Binibining Pilipinas urged to scrap HIV status in pageant qualification

January 10, 2023 - 1:48 PM
Bb Pilipinas stage 2022
Stage of Binibining Pilipinas 2022 in this photo uploaded by the pageant on Facebook on July 31, 2022 (Facebook/bbpilipinasofficial)

A national beauty pageant is being asked to change some of its qualifications for applicants after Pinoys noticed it does not allow those infected with the human immunodeficiency virus (HIV) to join.

Binibining Pilipinas recently opened its applications for aspiring beauty queens who want to join the 2023 edition last week.

The 59-year-old beauty pageant is responsible for crowning Filipinas who will represent the country in the following competitions —Miss International, Miss Intercontinental and Miss Globe.

Interested contestants-to-be need to accomplish a seven-page application form where they need to provide their personal and background information, as well as their reason/s for joining the pageant.

In the third part of the form, they are supposed to certify that the data they have given are genuine.

They must additionally certify that they have never been married and that they have a good moral character.

READ: Search is on: Bb. Pilipinas officially opens applications for 2023 contestants 

Other conditions include the following:

I am in good mental, psychological and physical health, and that I have never been sick or have been hospitalized for Cancer, Epilepsy, HIV, AIDS, any heart ailment, a disease involving the gastrointestinal system or any other disease that will impair my mental, psychological and/or physical
health or condition;

BBP application_condition
A screenshot of a page from the Binibining Pilipinas’ application form for 2023 contestants. (Screengrab by Interaskyon from Bb. Pilipinas’ website)

This was noticed by some Pinoys who recalled that discrimination against perceived or actual HIV status is considered a violation under the Republic Act 11166 or the Philippine HIV and AIDS Policy Act.

RELATED: Advocates of new HIV-AIDS law hope to end stigma among Filipinos

The question about the pageant qualification was brought up by a Twitter user who was able to take a screenshot of some of the pageant’s conditions that were broadcast on television.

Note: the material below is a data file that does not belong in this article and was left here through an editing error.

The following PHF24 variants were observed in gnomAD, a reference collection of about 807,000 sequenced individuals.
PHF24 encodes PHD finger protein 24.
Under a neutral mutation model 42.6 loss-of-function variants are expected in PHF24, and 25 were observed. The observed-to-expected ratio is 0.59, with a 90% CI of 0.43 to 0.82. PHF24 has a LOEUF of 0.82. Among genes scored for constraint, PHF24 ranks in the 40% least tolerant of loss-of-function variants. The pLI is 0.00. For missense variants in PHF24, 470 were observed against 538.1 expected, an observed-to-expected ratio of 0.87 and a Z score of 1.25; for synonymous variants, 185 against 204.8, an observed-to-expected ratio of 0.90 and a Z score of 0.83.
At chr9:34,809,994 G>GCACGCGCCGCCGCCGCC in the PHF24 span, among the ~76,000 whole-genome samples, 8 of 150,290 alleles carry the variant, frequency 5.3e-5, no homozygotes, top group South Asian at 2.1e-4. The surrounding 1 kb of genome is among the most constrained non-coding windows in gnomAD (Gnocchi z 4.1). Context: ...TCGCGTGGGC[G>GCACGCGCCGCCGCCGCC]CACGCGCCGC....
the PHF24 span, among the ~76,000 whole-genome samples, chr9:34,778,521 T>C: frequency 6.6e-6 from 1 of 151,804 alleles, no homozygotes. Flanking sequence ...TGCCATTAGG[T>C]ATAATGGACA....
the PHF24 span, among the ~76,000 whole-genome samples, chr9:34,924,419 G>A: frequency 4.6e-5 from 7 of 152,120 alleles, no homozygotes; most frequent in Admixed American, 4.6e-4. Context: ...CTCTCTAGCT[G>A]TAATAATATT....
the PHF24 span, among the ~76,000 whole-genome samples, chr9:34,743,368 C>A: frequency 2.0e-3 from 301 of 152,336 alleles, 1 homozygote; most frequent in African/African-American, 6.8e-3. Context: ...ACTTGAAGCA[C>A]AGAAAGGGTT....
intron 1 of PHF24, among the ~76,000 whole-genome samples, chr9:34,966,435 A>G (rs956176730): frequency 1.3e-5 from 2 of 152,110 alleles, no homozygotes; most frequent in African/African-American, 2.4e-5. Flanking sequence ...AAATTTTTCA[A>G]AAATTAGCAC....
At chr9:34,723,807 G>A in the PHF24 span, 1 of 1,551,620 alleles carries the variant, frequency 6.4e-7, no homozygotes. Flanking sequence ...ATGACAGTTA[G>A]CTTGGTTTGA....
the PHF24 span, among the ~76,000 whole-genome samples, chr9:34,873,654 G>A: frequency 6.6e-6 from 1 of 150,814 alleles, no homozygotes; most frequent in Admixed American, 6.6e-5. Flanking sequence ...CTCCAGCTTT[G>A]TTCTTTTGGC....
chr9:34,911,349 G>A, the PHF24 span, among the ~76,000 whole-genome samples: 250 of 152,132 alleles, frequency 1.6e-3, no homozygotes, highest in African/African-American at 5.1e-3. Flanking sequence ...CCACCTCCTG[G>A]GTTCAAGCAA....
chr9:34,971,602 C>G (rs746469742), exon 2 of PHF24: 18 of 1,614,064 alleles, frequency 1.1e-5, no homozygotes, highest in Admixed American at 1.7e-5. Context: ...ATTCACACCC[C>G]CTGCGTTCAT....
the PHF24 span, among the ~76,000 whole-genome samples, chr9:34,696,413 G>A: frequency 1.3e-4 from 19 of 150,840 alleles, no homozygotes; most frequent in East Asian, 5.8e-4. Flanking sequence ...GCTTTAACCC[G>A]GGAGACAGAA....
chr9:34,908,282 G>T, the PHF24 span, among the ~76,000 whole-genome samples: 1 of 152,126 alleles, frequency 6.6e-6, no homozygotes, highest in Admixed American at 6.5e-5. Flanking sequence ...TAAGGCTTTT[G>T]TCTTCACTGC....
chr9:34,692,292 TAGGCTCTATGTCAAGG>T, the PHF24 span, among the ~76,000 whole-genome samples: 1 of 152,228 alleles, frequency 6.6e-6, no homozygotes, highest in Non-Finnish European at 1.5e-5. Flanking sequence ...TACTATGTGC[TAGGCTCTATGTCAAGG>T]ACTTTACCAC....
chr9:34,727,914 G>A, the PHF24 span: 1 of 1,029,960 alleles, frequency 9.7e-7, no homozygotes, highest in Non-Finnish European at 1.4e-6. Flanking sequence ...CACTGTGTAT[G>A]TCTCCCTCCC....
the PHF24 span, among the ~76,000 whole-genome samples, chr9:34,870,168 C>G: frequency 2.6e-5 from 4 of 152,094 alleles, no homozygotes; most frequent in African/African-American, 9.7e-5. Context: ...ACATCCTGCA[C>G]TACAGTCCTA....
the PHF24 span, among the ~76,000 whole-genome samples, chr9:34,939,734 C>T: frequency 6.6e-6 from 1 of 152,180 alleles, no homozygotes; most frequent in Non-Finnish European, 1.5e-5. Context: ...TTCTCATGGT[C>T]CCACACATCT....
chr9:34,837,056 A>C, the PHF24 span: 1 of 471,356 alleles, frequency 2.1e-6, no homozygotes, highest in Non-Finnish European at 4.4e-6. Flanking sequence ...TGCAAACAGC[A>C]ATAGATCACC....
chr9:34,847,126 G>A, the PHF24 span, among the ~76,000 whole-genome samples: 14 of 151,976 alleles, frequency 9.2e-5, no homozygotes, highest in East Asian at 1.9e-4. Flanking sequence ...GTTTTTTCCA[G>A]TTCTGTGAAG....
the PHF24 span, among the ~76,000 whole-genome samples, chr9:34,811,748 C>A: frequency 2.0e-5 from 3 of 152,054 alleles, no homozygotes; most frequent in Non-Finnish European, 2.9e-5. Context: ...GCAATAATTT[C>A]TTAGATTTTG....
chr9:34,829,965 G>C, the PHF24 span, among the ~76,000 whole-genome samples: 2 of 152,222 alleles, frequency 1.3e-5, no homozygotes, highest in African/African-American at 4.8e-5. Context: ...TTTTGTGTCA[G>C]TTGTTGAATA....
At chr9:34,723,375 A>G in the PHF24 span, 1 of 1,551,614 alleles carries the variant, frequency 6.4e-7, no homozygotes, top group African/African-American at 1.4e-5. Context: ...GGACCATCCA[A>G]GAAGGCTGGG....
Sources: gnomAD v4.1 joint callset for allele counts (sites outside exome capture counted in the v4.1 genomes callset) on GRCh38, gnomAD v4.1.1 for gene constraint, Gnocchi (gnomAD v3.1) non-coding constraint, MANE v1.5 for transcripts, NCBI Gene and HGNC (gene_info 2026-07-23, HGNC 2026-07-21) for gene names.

“This is against RA 11166. ‘Actual or perceived HIV status’ to discriminate against a person is a violation. Award!” another online user commented upon reading the clause.

Others called the national pageant’s attention and urged them to change their policies.

“Bb. Pilipinas should walk the talk and end discrimination against possible candidates who have HIV. The former Miss Universe
@PiaWurtzbach is a vocal advocate for persons living with HIV, for crying out loud,” a Pinoy wrote.

“Some of the queens in your pageant are actually fighting against the discrimination of PLHIVs [persons living with HIVs]. Do better, Binibining Pilipinas,” another Twitter user said.

“Hmm… previous BBP winners who went on to represent the country in Miss Universe advocated for HIV awareness. Bakit may discrimination sa qualifications saka anong kinalaman ng HIV status ng isang tao sa pagsali sa beauty pageant? Practice what [you] preach, @RealBbPilipinas,” a different user wrote.

As of this writing, Bb. Pilipinas has not yet issued a statement about the matter.

Some of its past contestants who have gone on to advocate for their cause on the global stage include Miss Universe 2015 Pia Wurtzbach, who famously championed HIV and AIDS awareness.

Pia had done two HIV tests in front of the cameras before to remove the stigma surrounding the condition.

The first was in 2016 at the Apicha Community Health Center in New York, while the second was in 2017 in the Philippines.

No to discrimination 

The Philippine HIV and AIDS Policy Act prohibits the discrimination of individuals based on their perceived, suspected, or actual HIV status.

It defined discrimination in its implementing rules and regulations as the following:

“Unfair or unjust treatment that distinguishes, excludes, restricts, or shows preferences based on any ground such as sex, gender, age, sexual orientation, gender identity and expression, economic status, disability, ethnicity, and HIV status, whether actual or perceived, and all other similar or analogous cases, and which has the purpose or effect of nullifying or impairing the recognition, enjoyment or exercise by all persons similarly situated, or all rights and freedoms.” 

The act also prohibited discrimination in workplaces, learning institutions, health institutions and hospitals and in instances related to travel, habitation and shelter.

Perceived, suspected or actual HIV status shall likewise not play any part in prohibiting a person from running for public office, denying them burial service, and excluding them from credit and insurance services.

Bullying in all forms and “other similar or analogous discriminatory acts” are additionally prohibited.

HIV s a virus that attacks cells that help the body fight infection, making a person more vulnerable to other infections and diseases.

It is transmitted by contact with certain bodily fluids of a person with HIV, most commonly during unprotected sex or by sharing needles, syringe,s or other drug injection equipment.

If left untreated, it can progress to AIDS or acquired immunodeficiency syndrome.

There is no effective cure for HIV, but it can be controlled by proper medical care.